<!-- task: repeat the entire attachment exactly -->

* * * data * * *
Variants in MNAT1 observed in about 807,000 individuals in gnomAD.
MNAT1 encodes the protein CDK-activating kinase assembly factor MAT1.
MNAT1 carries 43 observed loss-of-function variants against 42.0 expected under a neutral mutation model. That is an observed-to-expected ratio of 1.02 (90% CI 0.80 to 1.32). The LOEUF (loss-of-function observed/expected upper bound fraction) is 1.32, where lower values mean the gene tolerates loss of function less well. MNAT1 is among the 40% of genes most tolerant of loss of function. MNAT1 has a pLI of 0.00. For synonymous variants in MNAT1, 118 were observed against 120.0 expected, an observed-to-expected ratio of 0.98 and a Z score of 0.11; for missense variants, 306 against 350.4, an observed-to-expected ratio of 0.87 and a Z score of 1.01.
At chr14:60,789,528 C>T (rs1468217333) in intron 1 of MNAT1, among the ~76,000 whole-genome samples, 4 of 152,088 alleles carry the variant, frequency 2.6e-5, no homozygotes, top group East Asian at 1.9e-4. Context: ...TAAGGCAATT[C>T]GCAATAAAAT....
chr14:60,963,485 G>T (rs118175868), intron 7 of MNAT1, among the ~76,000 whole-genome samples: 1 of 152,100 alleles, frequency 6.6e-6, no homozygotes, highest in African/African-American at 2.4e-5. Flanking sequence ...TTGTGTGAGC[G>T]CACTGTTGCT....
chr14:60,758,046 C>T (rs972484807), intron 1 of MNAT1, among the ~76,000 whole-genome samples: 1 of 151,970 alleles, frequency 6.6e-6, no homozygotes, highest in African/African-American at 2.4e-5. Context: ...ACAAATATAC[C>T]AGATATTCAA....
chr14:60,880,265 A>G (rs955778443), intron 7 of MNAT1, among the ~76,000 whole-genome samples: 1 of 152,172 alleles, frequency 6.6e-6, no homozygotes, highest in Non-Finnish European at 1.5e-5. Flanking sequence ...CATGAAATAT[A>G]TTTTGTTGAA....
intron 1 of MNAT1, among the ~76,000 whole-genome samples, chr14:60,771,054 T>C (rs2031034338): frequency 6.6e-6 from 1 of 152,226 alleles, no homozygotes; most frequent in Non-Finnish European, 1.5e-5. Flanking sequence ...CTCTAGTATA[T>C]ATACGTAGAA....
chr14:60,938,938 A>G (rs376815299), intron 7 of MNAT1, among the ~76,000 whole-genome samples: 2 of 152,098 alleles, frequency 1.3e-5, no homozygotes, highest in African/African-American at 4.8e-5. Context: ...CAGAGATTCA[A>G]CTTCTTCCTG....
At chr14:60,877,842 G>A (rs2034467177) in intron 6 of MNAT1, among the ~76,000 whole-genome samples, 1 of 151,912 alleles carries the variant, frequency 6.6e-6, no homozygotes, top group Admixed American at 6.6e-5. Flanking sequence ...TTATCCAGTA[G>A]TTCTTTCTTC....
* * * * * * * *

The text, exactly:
Variants in MNAT1 observed in about 807,000 individuals in gnomAD.
MNAT1 encodes the protein CDK-activating kinase assembly factor MAT1.
MNAT1 carries 43 observed loss-of-function variants against 42.0 expected under a neutral mutation model. That is an observed-to-expected ratio of 1.02 (90% CI 0.80 to 1.32). The LOEUF (loss-of-function observed/expected upper bound fraction) is 1.32, where lower values mean the gene tolerates loss of function less well. MNAT1 is among the 40% of genes most tolerant of loss of function. MNAT1 has a pLI of 0.00. For synonymous variants in MNAT1, 118 were observed against 120.0 expected, an observed-to-expected ratio of 0.98 and a Z score of 0.11; for missense variants, 306 against 350.4, an observed-to-expected ratio of 0.87 and a Z score of 1.01.
At chr14:60,789,528 C>T (rs1468217333) in intron 1 of MNAT1, among the ~76,000 whole-genome samples, 4 of 152,088 alleles carry the variant, frequency 2.6e-5, no homozygotes, top group East Asian at 1.9e-4. Context: ...TAAGGCAATT[C>T]GCAATAAAAT....
chr14:60,963,485 G>T (rs118175868), intron 7 of MNAT1, among the ~76,000 whole-genome samples: 1 of 152,100 alleles, frequency 6.6e-6, no homozygotes, highest in African/African-American at 2.4e-5. Flanking sequence ...TTGTGTGAGC[G>T]CACTGTTGCT....
chr14:60,758,046 C>T (rs972484807), intron 1 of MNAT1, among the ~76,000 whole-genome samples: 1 of 151,970 alleles, frequency 6.6e-6, no homozygotes, highest in African/African-American at 2.4e-5. Context: ...ACAAATATAC[C>T]AGATATTCAA....
chr14:60,880,265 A>G (rs955778443), intron 7 of MNAT1, among the ~76,000 whole-genome samples: 1 of 152,172 alleles, frequency 6.6e-6, no homozygotes, highest in Non-Finnish European at 1.5e-5. Flanking sequence ...CATGAAATAT[A>G]TTTTGTTGAA....
intron 1 of MNAT1, among the ~76,000 whole-genome samples, chr14:60,771,054 T>C (rs2031034338): frequency 6.6e-6 from 1 of 152,226 alleles, no homozygotes; most frequent in Non-Finnish European, 1.5e-5. Flanking sequence ...CTCTAGTATA[T>C]ATACGTAGAA....
chr14:60,938,938 A>G (rs376815299), intron 7 of MNAT1, among the ~76,000 whole-genome samples: 2 of 152,098 alleles, frequency 1.3e-5, no homozygotes, highest in African/African-American at 4.8e-5. Context: ...CAGAGATTCA[A>G]CTTCTTCCTG....
At chr14:60,877,842 G>A (rs2034467177) in intron 6 of MNAT1, among the ~76,000 whole-genome samples, 1 of 151,912 alleles carries the variant, frequency 6.6e-6, no homozygotes, top group Admixed American at 6.6e-5. Flanking sequence ...TTATCCAGTA[G>A]TTCTTTCTTC....